Misinformation regarding the brain is in no short supply. The most common misinformation is likely regarding the hemispheres of the brain. This stems from the popularity of the topic in the 70’s and 80’s driven by the first split brain operations. In this RSA animation, Iain McGilchrist revisits the divided brain with newer insight debunking the most commonly heard myths. However, what he brings to the table is a new understanding that may prove more interesting than what is most frequently presented.
As new brain research is published, the media and many marketers are quick to “run with the data” and often far exceed the true meaning of the research. In this 2012 TED talk, neuroscientist Molly Crockett explains the limits of interpreting neuroscientific data, and why we should all be aware of them.
A beautifully animated talk by Daniel Pink the author of Drive: The surprising truth about what motivates us.
We work with youth and we work with youth from a “strength-based” perspective. However, when we work with staff who work with youth, do we use a “strength-based” perspective?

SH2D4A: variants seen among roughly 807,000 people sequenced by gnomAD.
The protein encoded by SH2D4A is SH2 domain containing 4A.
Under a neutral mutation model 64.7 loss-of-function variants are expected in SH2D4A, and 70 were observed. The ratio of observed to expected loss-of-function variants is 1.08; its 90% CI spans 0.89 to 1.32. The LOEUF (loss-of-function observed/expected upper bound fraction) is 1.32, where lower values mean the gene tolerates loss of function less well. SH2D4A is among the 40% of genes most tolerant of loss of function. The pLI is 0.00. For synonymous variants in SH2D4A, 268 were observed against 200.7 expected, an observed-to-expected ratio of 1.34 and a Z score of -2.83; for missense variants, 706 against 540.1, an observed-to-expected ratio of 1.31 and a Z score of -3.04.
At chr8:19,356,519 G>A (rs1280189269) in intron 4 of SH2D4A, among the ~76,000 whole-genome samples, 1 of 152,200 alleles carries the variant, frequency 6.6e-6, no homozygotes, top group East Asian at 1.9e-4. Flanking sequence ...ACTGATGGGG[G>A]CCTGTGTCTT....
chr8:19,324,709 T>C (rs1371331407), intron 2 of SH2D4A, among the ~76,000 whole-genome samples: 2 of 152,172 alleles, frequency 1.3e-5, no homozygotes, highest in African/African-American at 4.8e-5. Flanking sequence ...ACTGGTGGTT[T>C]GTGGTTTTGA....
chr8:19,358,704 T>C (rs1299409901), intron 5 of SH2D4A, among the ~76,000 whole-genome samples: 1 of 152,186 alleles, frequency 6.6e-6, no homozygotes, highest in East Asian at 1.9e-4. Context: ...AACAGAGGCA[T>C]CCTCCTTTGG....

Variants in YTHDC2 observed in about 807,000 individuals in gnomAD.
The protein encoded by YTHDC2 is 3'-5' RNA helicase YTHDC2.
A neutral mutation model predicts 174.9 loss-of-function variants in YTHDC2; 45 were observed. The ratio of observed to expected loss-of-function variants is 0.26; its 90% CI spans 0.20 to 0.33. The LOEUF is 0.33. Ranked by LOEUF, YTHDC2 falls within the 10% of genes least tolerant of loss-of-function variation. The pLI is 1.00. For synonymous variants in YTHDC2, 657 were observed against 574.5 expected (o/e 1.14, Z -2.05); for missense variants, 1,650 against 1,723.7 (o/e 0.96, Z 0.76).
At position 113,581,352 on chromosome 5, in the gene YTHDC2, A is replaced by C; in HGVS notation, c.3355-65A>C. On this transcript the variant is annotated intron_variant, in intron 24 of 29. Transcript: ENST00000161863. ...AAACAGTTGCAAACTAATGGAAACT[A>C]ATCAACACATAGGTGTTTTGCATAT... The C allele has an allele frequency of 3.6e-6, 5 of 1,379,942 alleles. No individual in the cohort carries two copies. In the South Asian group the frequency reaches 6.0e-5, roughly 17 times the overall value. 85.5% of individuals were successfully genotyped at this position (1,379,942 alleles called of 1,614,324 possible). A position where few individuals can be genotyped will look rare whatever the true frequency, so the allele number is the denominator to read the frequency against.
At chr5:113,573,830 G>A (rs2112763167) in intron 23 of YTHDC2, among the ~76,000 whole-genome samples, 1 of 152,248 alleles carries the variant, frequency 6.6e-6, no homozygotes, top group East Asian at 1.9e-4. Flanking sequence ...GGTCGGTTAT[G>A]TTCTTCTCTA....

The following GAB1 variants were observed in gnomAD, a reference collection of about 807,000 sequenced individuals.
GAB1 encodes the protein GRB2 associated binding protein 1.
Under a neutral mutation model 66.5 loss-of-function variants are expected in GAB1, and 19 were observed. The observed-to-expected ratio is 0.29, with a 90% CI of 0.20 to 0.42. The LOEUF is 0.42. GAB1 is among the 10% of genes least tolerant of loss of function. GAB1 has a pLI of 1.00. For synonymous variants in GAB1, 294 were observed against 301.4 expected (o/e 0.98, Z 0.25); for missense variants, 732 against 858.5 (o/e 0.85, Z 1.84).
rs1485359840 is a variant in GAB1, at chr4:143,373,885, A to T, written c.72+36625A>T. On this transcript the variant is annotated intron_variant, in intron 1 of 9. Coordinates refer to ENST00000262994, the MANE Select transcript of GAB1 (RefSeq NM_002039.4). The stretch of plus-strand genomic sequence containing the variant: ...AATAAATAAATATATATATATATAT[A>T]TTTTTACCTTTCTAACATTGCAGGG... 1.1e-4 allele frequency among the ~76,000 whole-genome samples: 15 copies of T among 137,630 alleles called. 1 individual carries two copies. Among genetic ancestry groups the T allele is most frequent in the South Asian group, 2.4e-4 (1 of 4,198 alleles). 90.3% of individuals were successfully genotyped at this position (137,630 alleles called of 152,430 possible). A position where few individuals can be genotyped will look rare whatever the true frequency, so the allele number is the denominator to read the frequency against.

“We studied what makes companies and teams great—and we uncovered a secret: focus on your strengths. The key to increasing team productivity, customer satisfaction and employee retention is to make sure that you and your team members have the chance to play to your strengths every day. Unfortunately, only 2 out of 10 people do so.” – Marcus Buckingham
Common management practices (performance appraisals, etc.) often focus on weaknesses (goals for improvement, etc.) and less on strengths. Wouldn’t it make more sense and wouldn’t we be more effective if we aligned all elements of our work to a “strength-based” perspective?
Marcus Buckingham has been a leader of “strength-based” leadership in the business world.